In order to transport some of the largest military loads, various European Air Forces, including the United Kingdom’s Royal Air Force, rely on aircraft like the A400M Atlas. Launched in late 2009, the Atlas almost never took flight. However, thanks to the support of a handful of nations who realized the aircraft’s potential, the A400M has now become an integral part of the fleet.
One of the U.K.’s A400m aircraft visited the United States Air Force’s Air Mobility Command at Scott Air Force Base in Illinois. In a December 2016 video posted to YouTube, the massive aircraft can be seen in action offering an incentive flight to a group of airmen.
Check out the behemoth aircraft in the video below:
During its research and development phase, designers and engineers looked to manufacture an aircraft that could fill the gap between the Lockheed C-130 and the Boeing C-17 – both capable aircraft in their own right, but with certain limitations. The end result with the A400M Atlas was a transport aircraft that could carry a heavier load than the C-130 while also utilizing rough landing strips the C-17 could not.
Toward the end of its development, the Atlas was advertised as the aircraft that could “transport what the C130 cannot to places that the C17 can’t.”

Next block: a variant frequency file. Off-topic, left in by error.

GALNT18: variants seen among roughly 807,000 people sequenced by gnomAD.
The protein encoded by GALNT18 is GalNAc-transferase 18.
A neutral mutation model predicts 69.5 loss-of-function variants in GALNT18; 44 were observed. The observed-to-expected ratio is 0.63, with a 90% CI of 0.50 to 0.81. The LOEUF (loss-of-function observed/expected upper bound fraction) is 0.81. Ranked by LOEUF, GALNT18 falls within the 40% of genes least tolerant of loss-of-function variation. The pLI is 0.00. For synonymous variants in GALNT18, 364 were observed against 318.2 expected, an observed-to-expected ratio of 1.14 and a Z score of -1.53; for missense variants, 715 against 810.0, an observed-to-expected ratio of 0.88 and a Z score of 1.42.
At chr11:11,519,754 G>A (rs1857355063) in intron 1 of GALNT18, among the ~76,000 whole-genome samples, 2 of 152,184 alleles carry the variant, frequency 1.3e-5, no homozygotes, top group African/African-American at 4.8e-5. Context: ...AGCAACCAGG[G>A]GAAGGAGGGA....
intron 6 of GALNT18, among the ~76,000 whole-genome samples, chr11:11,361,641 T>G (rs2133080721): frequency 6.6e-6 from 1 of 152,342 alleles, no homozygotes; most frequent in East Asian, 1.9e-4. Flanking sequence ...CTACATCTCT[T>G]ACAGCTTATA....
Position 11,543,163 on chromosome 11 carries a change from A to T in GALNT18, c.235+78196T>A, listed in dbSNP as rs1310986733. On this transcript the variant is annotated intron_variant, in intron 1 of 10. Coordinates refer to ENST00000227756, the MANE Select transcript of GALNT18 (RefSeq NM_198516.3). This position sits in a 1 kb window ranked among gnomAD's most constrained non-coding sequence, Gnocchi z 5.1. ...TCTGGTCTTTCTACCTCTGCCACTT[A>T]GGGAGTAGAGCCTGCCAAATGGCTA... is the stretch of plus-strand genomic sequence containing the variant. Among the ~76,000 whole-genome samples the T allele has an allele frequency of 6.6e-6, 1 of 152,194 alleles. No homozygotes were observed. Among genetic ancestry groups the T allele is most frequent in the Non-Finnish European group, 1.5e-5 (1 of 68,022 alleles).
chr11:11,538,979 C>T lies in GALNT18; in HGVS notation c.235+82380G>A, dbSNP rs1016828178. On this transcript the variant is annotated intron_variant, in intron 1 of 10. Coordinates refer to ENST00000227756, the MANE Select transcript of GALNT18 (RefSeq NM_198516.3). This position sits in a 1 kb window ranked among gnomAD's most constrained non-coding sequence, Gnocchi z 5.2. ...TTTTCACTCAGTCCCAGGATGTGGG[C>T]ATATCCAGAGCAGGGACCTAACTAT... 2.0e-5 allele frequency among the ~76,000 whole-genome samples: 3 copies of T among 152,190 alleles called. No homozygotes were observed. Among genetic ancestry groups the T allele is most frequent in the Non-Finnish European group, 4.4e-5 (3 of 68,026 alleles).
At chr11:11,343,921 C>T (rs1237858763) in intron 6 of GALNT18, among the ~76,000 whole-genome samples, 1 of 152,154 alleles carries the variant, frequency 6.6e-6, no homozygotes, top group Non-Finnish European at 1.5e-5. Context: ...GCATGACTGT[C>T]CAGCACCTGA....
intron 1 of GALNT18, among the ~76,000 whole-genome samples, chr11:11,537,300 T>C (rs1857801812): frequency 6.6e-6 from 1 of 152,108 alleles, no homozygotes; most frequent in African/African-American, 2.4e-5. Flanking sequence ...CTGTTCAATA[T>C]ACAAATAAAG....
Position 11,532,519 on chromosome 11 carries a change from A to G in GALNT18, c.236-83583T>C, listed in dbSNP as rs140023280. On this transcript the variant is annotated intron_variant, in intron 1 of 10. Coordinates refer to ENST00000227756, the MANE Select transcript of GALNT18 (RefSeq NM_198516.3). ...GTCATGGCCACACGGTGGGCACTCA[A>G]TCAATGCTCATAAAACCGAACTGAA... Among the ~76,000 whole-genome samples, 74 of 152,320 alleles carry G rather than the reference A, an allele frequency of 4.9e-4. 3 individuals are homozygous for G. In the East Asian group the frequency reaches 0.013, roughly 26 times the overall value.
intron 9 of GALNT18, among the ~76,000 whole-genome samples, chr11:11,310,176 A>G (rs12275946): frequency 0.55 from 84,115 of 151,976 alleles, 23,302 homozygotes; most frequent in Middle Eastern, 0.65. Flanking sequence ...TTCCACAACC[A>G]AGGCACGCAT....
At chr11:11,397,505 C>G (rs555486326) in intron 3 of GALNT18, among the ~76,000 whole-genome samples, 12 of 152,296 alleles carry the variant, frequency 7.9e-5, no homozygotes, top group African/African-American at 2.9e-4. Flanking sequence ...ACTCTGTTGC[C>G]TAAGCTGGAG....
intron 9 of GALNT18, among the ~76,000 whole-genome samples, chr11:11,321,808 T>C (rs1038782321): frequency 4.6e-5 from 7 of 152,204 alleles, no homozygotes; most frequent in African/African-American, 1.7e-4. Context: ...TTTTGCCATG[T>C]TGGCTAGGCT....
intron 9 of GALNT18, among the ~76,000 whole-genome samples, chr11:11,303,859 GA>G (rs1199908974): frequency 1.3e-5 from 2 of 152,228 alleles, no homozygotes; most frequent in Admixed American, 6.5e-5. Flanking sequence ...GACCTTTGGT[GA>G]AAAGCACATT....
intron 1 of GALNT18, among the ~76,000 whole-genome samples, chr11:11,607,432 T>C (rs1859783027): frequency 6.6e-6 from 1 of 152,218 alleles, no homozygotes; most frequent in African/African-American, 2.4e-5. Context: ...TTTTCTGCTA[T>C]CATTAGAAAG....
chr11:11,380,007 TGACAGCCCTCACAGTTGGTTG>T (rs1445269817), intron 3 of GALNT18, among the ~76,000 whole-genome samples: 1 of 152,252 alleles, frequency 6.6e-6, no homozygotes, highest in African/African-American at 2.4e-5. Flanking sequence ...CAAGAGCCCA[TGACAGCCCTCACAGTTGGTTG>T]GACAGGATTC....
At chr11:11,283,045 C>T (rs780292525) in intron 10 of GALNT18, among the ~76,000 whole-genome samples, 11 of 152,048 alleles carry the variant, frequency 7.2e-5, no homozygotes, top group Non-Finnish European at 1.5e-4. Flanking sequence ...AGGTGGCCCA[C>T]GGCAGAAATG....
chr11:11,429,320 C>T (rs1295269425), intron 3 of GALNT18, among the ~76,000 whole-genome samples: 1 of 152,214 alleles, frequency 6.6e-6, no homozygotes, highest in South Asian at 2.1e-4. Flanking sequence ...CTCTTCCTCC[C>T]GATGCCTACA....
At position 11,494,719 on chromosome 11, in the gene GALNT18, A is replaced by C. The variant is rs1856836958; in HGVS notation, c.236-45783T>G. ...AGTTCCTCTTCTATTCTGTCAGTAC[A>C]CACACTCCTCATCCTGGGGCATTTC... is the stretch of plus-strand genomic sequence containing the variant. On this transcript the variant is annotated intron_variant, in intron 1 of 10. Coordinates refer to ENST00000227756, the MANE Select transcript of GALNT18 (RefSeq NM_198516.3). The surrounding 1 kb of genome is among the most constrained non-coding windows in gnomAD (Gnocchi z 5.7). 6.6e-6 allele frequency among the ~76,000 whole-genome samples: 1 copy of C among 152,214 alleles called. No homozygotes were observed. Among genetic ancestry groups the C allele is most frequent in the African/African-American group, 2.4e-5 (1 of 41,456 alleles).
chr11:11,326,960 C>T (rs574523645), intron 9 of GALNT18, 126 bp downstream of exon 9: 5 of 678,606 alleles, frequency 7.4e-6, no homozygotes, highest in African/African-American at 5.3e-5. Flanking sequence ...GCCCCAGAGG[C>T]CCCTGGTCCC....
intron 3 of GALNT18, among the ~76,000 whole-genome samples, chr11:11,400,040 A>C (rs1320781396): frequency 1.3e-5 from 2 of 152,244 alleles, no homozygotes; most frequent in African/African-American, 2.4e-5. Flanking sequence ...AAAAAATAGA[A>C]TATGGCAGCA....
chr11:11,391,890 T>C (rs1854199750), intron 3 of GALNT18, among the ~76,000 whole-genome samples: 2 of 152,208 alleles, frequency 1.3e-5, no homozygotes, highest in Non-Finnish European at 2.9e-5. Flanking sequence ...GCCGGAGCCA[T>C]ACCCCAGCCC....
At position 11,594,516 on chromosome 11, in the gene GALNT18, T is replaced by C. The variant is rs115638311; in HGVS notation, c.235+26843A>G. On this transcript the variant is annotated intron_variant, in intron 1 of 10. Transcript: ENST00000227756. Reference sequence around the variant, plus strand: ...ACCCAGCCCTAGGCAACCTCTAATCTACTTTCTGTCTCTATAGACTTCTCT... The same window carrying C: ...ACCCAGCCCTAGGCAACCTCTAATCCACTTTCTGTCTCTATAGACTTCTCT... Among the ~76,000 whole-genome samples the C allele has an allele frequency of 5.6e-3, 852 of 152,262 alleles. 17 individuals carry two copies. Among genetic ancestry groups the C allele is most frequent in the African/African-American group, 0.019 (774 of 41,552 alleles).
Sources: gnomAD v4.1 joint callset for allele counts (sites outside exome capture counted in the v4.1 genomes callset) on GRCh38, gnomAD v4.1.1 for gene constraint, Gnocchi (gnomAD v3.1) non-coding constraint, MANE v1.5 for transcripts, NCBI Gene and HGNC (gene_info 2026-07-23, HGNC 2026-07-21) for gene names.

The A400M can also perform aerial refueling and medical evacuation when fitted with appropriate equipment. Four Europrop Tp-400-D6 turboprop engines rated at 11,000 hp power the A400M Atlas.
With a capacity of some 81,000 lbs, the Atlas has the ability to haul 116 fully equipped paratroopers, 66 stretchers and medical personnel, and large cargo loads that span its more than 8,000 cubic foot cargo area.
Even before its first test flight, the A400M Atlas was subject to cost issues and development delays. A number of reliability issues were also discovered that impacted everything from the fuselage to the engines. Over the course of three years, the fate of the behemoth aircraft remained uncertain as Airbus and a number of counties from Europe squabbled over the production problems.
In the end, not only did Airbus assume responsibility for the issues, but it encouraged customer nations to continue backing the project, and ultimately the invaluable aircraft reached full production.
Today, more than 80 A400M Atlas aircraft grace the skies around the world. Germany, France, Spain, and the U.K. possess the majority of the planes with Turkey and Malaysia housing a couple of their own. Since its maiden flight in 2009, the Atlas has remained in production with a handful of cockpit revisions to modernize the aircraft. Each unit costs more than $160 million to produce.